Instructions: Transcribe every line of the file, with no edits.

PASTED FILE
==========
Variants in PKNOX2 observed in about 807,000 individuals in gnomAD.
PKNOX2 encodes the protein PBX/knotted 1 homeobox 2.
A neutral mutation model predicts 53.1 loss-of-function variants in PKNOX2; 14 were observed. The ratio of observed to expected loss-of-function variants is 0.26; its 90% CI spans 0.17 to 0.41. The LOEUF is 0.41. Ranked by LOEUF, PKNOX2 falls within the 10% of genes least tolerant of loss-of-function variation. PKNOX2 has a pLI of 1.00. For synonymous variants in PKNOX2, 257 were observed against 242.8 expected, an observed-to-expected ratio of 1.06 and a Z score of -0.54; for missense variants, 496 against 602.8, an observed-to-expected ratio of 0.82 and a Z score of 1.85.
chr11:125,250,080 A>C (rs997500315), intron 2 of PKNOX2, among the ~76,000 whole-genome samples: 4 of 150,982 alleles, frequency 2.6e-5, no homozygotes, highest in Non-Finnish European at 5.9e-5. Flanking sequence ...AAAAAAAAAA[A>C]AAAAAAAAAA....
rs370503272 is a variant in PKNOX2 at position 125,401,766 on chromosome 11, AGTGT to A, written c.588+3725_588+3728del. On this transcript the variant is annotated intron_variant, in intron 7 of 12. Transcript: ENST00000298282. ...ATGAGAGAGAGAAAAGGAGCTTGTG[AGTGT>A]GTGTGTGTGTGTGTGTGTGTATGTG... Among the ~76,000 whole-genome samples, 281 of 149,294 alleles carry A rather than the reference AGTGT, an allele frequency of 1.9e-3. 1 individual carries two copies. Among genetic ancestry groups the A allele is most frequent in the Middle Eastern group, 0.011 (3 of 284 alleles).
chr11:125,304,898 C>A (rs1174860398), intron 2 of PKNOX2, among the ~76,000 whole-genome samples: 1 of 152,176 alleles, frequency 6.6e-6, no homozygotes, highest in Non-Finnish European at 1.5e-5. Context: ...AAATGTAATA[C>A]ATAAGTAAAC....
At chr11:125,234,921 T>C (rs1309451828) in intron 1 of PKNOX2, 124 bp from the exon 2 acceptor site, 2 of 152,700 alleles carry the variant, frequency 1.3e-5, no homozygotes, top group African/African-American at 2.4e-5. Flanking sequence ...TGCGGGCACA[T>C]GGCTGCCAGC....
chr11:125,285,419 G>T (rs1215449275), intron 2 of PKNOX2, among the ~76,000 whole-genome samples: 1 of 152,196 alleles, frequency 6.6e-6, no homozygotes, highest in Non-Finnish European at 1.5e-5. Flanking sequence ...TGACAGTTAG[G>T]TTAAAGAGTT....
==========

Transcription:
Variants in PKNOX2 observed in about 807,000 individuals in gnomAD.
PKNOX2 encodes the protein PBX/knotted 1 homeobox 2.
A neutral mutation model predicts 53.1 loss-of-function variants in PKNOX2; 14 were observed. The ratio of observed to expected loss-of-function variants is 0.26; its 90% CI spans 0.17 to 0.41. The LOEUF is 0.41. Ranked by LOEUF, PKNOX2 falls within the 10% of genes least tolerant of loss-of-function variation. PKNOX2 has a pLI of 1.00. For synonymous variants in PKNOX2, 257 were observed against 242.8 expected, an observed-to-expected ratio of 1.06 and a Z score of -0.54; for missense variants, 496 against 602.8, an observed-to-expected ratio of 0.82 and a Z score of 1.85.
chr11:125,250,080 A>C (rs997500315), intron 2 of PKNOX2, among the ~76,000 whole-genome samples: 4 of 150,982 alleles, frequency 2.6e-5, no homozygotes, highest in Non-Finnish European at 5.9e-5. Flanking sequence ...AAAAAAAAAA[A>C]AAAAAAAAAA....
rs370503272 is a variant in PKNOX2 at position 125,401,766 on chromosome 11, AGTGT to A, written c.588+3725_588+3728del. On this transcript the variant is annotated intron_variant, in intron 7 of 12. Transcript: ENST00000298282. ...ATGAGAGAGAGAAAAGGAGCTTGTG[AGTGT>A]GTGTGTGTGTGTGTGTGTGTATGTG... Among the ~76,000 whole-genome samples, 281 of 149,294 alleles carry A rather than the reference AGTGT, an allele frequency of 1.9e-3. 1 individual carries two copies. Among genetic ancestry groups the A allele is most frequent in the Middle Eastern group, 0.011 (3 of 284 alleles).
chr11:125,304,898 C>A (rs1174860398), intron 2 of PKNOX2, among the ~76,000 whole-genome samples: 1 of 152,176 alleles, frequency 6.6e-6, no homozygotes, highest in Non-Finnish European at 1.5e-5. Context: ...AAATGTAATA[C>A]ATAAGTAAAC....
At chr11:125,234,921 T>C (rs1309451828) in intron 1 of PKNOX2, 124 bp from the exon 2 acceptor site, 2 of 152,700 alleles carry the variant, frequency 1.3e-5, no homozygotes, top group African/African-American at 2.4e-5. Flanking sequence ...TGCGGGCACA[T>C]GGCTGCCAGC....
chr11:125,285,419 G>T (rs1215449275), intron 2 of PKNOX2, among the ~76,000 whole-genome samples: 1 of 152,196 alleles, frequency 6.6e-6, no homozygotes, highest in Non-Finnish European at 1.5e-5. Flanking sequence ...TGACAGTTAG[G>T]TTAAAGAGTT....